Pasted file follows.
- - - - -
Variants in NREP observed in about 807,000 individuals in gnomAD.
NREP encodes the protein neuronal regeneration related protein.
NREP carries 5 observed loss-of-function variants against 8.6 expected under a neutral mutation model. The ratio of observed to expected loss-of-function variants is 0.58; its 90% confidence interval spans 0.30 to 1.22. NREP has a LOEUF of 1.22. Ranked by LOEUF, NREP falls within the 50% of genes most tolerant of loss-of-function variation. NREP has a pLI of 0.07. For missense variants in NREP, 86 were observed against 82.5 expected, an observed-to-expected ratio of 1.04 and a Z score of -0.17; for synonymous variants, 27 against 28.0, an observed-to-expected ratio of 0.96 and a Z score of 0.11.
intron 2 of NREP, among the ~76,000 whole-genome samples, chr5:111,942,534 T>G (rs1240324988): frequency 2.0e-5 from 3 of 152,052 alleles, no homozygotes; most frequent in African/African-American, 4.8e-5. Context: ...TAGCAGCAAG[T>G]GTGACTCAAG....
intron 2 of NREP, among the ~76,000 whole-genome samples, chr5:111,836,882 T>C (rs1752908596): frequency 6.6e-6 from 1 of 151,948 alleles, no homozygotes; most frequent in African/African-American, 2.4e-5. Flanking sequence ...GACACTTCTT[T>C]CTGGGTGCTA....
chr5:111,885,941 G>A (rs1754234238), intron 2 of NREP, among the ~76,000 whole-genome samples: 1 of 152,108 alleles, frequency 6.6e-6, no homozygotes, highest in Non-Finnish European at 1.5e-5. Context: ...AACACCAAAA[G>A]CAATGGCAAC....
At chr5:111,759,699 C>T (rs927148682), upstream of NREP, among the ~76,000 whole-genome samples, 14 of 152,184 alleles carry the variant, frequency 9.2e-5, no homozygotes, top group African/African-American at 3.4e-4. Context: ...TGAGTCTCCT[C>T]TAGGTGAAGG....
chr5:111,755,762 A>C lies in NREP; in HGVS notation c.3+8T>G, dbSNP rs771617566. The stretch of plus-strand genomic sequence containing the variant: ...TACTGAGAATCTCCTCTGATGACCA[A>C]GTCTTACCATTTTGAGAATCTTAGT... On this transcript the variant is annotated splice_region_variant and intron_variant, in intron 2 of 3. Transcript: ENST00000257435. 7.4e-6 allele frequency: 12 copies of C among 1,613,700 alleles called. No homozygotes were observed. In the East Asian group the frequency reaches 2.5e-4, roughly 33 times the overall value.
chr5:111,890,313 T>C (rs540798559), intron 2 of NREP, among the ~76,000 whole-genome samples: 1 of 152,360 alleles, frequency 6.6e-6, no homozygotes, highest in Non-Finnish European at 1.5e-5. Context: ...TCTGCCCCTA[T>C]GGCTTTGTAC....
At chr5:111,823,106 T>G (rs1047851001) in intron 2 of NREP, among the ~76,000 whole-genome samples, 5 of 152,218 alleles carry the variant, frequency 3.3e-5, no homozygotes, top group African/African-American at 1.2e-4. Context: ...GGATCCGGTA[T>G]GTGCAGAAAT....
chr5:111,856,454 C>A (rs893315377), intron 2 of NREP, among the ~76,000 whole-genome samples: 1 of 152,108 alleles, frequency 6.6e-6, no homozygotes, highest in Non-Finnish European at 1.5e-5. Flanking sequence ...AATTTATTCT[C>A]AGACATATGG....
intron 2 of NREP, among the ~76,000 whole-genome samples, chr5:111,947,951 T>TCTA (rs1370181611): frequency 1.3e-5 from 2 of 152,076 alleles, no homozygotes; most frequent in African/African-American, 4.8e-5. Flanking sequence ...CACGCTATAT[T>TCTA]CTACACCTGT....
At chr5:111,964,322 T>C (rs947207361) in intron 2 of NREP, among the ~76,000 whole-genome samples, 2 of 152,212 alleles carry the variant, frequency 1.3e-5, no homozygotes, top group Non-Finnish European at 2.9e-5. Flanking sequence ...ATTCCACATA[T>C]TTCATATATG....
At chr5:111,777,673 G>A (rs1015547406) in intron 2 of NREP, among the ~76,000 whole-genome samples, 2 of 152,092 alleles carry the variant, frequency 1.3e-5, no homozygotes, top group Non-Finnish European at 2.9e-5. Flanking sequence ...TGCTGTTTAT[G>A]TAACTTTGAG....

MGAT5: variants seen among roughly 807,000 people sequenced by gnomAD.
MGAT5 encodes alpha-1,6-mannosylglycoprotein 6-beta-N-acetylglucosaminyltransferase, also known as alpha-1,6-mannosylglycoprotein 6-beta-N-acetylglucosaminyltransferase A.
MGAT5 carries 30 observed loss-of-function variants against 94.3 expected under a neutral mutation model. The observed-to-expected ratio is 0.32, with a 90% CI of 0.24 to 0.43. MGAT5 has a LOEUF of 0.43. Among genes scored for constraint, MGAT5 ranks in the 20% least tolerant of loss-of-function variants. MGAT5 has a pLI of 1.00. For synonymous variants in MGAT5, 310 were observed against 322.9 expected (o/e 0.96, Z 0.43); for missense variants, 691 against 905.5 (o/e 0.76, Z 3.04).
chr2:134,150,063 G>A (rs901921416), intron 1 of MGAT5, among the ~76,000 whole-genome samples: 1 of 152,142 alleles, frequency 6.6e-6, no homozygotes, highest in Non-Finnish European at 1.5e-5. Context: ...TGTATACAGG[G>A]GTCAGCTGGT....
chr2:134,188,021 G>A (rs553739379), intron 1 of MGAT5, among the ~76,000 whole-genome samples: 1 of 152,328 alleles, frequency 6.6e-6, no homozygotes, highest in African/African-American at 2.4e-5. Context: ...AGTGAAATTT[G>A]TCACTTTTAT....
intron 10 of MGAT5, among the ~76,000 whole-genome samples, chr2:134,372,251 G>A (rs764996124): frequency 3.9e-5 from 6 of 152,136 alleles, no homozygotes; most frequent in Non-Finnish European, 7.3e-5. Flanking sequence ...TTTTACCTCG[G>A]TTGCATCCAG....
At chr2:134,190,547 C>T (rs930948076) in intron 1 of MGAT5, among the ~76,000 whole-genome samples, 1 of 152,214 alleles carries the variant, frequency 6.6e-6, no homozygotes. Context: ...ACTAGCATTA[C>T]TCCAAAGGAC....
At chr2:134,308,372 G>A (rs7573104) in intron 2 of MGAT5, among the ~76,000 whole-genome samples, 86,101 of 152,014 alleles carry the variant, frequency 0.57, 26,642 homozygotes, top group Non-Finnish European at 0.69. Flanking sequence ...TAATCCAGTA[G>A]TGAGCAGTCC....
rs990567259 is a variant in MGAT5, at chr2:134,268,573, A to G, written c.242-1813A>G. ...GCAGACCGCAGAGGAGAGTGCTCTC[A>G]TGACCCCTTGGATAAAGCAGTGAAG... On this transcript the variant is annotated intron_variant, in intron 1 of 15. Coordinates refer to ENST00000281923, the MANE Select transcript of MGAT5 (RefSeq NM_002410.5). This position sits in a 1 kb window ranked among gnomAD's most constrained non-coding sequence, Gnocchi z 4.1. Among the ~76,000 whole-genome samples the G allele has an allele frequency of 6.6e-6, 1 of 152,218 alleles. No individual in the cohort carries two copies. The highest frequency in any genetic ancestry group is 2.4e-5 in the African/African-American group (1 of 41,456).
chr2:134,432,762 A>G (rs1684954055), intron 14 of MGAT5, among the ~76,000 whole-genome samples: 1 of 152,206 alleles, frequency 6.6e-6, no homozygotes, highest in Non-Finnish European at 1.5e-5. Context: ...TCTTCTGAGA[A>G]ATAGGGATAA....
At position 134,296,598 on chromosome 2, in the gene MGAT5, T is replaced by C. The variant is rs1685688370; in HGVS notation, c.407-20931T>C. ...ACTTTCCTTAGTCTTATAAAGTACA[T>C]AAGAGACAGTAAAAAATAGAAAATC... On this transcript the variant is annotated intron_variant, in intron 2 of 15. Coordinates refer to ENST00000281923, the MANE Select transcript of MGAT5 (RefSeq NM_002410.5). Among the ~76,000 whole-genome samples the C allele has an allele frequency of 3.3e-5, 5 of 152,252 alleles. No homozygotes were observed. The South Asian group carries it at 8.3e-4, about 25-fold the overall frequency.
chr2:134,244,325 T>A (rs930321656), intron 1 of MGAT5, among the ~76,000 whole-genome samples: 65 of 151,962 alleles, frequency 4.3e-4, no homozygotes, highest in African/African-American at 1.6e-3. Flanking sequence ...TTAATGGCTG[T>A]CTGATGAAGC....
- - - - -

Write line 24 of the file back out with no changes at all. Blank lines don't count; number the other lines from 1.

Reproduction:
chr2:134,432,762 A>G (rs1684954055), intron 14 of MGAT5, among the ~76,000 whole-genome samples: 1 of 152,206 alleles, frequency 6.6e-6, no homozygotes, highest in Non-Finnish European at 1.5e-5. Context: ...TCTTCTGAGA[A>G]ATAGGGATAA....